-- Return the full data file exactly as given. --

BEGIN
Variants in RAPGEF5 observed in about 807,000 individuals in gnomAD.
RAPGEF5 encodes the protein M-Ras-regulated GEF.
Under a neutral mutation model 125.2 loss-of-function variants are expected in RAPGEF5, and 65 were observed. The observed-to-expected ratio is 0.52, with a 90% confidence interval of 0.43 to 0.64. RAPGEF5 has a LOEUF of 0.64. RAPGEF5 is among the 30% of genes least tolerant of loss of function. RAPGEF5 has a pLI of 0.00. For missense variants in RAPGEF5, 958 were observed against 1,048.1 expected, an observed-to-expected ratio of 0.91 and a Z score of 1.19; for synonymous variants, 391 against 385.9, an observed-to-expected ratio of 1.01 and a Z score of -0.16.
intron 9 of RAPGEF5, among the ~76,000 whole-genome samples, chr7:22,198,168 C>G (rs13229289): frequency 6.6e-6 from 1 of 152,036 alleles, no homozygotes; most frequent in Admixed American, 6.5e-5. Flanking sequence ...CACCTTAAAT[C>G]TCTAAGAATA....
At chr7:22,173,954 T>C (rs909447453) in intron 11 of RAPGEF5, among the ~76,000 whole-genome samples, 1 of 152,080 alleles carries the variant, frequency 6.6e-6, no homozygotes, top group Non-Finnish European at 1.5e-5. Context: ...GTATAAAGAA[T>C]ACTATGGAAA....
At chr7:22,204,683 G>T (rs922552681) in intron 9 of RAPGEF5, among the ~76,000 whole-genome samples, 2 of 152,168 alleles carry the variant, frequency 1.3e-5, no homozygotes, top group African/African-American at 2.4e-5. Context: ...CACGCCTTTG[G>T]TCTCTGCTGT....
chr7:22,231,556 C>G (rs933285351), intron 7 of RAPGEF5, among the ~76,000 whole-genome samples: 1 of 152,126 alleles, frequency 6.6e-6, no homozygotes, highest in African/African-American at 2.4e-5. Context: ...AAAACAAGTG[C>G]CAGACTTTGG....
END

Variants in RAPGEF5 observed in about 807,000 individuals in gnomAD.
RAPGEF5 encodes the protein M-Ras-regulated GEF.
Under a neutral mutation model 125.2 loss-of-function variants are expected in RAPGEF5, and 65 were observed. The observed-to-expected ratio is 0.52, with a 90% confidence interval of 0.43 to 0.64. RAPGEF5 has a LOEUF of 0.64. RAPGEF5 is among the 30% of genes least tolerant of loss of function. RAPGEF5 has a pLI of 0.00. For missense variants in RAPGEF5, 958 were observed against 1,048.1 expected, an observed-to-expected ratio of 0.91 and a Z score of 1.19; for synonymous variants, 391 against 385.9, an observed-to-expected ratio of 1.01 and a Z score of -0.16.
intron 9 of RAPGEF5, among the ~76,000 whole-genome samples, chr7:22,198,168 C>G (rs13229289): frequency 6.6e-6 from 1 of 152,036 alleles, no homozygotes; most frequent in Admixed American, 6.5e-5. Flanking sequence ...CACCTTAAAT[C>G]TCTAAGAATA....
At chr7:22,173,954 T>C (rs909447453) in intron 11 of RAPGEF5, among the ~76,000 whole-genome samples, 1 of 152,080 alleles carries the variant, frequency 6.6e-6, no homozygotes, top group Non-Finnish European at 1.5e-5. Context: ...GTATAAAGAA[T>C]ACTATGGAAA....
At chr7:22,204,683 G>T (rs922552681) in intron 9 of RAPGEF5, among the ~76,000 whole-genome samples, 2 of 152,168 alleles carry the variant, frequency 1.3e-5, no homozygotes, top group African/African-American at 2.4e-5. Context: ...CACGCCTTTG[G>T]TCTCTGCTGT....
chr7:22,231,556 C>G (rs933285351), intron 7 of RAPGEF5, among the ~76,000 whole-genome samples: 1 of 152,126 alleles, frequency 6.6e-6, no homozygotes, highest in African/African-American at 2.4e-5. Context: ...AAAACAAGTG[C>G]CAGACTTTGG....